The first day's walking was comparatively he easiest - it was a slow upward ascent which began in the afternoon (due to our arrival time). I'd forgotten how beautiful and scenic the walk actually was - with us weaving along both banks of the River urumbamba in the valley and pressing upward into mountain terrain. On top of a cliff side, we were amazed to see Llactapata, a rest-stop for Incas going to Macchu Picchu, which had been well preserved and restored. We introduced ourselves to the other trekkers and the guides during the course of the day, and worked out who the pace-setters were quite quickly. We were impressed that an American couple, Dale and Yvonne (Dale in his late fifties) were doing this walk, and even more so that they had recently flown into Cusco, hence were not yet fully acclimatised. After about 5 hours of walking, we reached the first camp. The amazing porters had walked ahead of us, set up the tents, flooring and sleeping bags for us, and had made a start in helping the chef with the food preparations already! The food itself was fantastic, 5-star treatment, as we got three-course carb-rich meals as we all got to know each other. That night was one of the clearest and most beautiful I remember; clear and presenting of every star that cared to make an appearance in that hemisphere.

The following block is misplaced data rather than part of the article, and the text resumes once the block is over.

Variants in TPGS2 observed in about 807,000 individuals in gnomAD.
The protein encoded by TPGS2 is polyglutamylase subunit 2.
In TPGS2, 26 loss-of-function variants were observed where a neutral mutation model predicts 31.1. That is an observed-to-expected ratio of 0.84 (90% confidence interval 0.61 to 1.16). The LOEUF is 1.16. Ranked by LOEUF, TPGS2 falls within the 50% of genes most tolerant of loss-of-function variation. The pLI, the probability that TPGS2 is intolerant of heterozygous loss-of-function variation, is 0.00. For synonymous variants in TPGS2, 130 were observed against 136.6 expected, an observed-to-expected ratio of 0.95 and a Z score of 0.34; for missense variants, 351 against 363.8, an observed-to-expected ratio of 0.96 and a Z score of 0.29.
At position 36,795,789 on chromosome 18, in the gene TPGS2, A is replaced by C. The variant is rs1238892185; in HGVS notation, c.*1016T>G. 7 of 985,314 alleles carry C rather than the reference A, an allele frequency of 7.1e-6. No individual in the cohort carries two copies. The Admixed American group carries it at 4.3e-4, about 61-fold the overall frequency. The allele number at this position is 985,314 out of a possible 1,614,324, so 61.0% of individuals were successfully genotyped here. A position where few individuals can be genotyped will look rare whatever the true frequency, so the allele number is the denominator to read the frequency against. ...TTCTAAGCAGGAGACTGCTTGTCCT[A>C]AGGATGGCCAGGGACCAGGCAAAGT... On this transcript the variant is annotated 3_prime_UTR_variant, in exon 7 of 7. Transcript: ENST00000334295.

Day 2: the toughest day of the walk, which included the steep ascent to the dead woman's pass at 4,200 m altitude - about a 1,200 m vertical ascent. We had a filling breakfast including porridge to help see us through. Cesar also gave us some interesting tips for the ingestion of coca leaves - by catalyzing their effect using a small piece of charcoal in the middle and slowly chewing and sucking the juices produced whilst in your mouth - this would give a good energy boost, whilst reducing the effects of altitude, especially when it came to breathing. The walk was testing however, and our group dispersed according to ability. Angela really impressed me - fueled by coca leaves and with her trusty walking stick in hand, we made it across a two-stage uphill climb to reach the dead woman's pass, with stunning views en-route and finally at the top, where we re-